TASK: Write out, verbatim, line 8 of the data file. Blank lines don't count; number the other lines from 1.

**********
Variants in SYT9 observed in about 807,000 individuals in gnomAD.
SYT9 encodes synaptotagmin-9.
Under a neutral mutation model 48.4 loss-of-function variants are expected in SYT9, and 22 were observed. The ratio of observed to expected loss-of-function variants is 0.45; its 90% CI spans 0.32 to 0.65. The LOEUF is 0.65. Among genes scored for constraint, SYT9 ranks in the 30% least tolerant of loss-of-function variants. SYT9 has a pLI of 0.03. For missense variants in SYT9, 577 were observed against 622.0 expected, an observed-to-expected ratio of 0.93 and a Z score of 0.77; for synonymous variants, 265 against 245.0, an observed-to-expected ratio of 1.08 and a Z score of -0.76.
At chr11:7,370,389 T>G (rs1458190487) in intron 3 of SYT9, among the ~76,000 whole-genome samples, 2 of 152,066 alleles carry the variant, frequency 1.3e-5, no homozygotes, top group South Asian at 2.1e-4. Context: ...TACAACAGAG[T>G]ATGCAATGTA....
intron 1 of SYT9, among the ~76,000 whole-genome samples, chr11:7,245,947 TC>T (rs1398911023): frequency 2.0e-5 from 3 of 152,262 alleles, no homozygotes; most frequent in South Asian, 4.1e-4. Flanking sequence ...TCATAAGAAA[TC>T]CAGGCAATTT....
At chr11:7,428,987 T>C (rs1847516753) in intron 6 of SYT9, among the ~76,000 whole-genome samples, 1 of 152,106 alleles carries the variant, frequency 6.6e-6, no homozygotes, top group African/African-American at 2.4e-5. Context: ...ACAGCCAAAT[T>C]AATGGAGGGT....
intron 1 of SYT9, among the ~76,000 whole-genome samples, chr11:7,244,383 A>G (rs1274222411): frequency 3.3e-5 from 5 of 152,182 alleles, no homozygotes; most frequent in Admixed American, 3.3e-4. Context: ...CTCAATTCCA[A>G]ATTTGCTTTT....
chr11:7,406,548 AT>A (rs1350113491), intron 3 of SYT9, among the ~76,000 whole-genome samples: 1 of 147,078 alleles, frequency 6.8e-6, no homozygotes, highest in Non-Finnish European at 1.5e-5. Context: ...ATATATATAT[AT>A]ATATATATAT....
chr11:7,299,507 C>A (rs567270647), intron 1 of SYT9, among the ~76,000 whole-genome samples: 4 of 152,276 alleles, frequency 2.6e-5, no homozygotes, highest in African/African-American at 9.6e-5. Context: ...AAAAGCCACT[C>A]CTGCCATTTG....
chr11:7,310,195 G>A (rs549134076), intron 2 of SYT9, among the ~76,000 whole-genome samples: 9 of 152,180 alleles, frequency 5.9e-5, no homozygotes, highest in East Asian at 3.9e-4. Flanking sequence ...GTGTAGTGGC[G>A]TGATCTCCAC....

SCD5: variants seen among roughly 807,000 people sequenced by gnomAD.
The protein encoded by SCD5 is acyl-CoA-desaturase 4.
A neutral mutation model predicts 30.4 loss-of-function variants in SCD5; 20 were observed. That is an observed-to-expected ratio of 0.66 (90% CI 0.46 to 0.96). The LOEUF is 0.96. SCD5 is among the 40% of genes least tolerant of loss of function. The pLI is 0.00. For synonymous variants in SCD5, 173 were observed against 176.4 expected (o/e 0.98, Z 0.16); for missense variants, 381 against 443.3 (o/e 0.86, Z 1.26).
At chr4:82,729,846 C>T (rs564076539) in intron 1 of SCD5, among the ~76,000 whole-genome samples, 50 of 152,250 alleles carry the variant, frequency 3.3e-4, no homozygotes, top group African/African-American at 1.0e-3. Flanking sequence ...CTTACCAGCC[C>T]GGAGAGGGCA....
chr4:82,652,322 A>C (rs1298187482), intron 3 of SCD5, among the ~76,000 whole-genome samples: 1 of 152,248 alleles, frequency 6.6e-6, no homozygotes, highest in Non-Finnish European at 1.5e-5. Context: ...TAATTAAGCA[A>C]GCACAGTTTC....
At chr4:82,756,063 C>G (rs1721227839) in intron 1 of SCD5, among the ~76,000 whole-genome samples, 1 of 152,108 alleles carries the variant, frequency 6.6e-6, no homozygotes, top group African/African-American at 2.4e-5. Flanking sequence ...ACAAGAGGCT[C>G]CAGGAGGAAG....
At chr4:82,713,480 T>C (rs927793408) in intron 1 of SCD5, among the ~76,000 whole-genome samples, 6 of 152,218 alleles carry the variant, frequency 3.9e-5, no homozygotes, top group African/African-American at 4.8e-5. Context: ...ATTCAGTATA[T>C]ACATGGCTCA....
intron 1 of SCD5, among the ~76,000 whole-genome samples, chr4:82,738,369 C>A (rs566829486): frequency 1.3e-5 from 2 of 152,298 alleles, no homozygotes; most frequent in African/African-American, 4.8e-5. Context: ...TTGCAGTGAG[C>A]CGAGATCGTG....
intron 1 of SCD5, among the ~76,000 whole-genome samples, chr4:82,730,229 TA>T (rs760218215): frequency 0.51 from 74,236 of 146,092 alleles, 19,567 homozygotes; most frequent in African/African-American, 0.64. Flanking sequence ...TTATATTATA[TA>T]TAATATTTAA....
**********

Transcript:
chr11:7,406,548 AT>A (rs1350113491), intron 3 of SYT9, among the ~76,000 whole-genome samples: 1 of 147,078 alleles, frequency 6.8e-6, no homozygotes, highest in Non-Finnish European at 1.5e-5. Context: ...ATATATATAT[AT>A]ATATATATAT....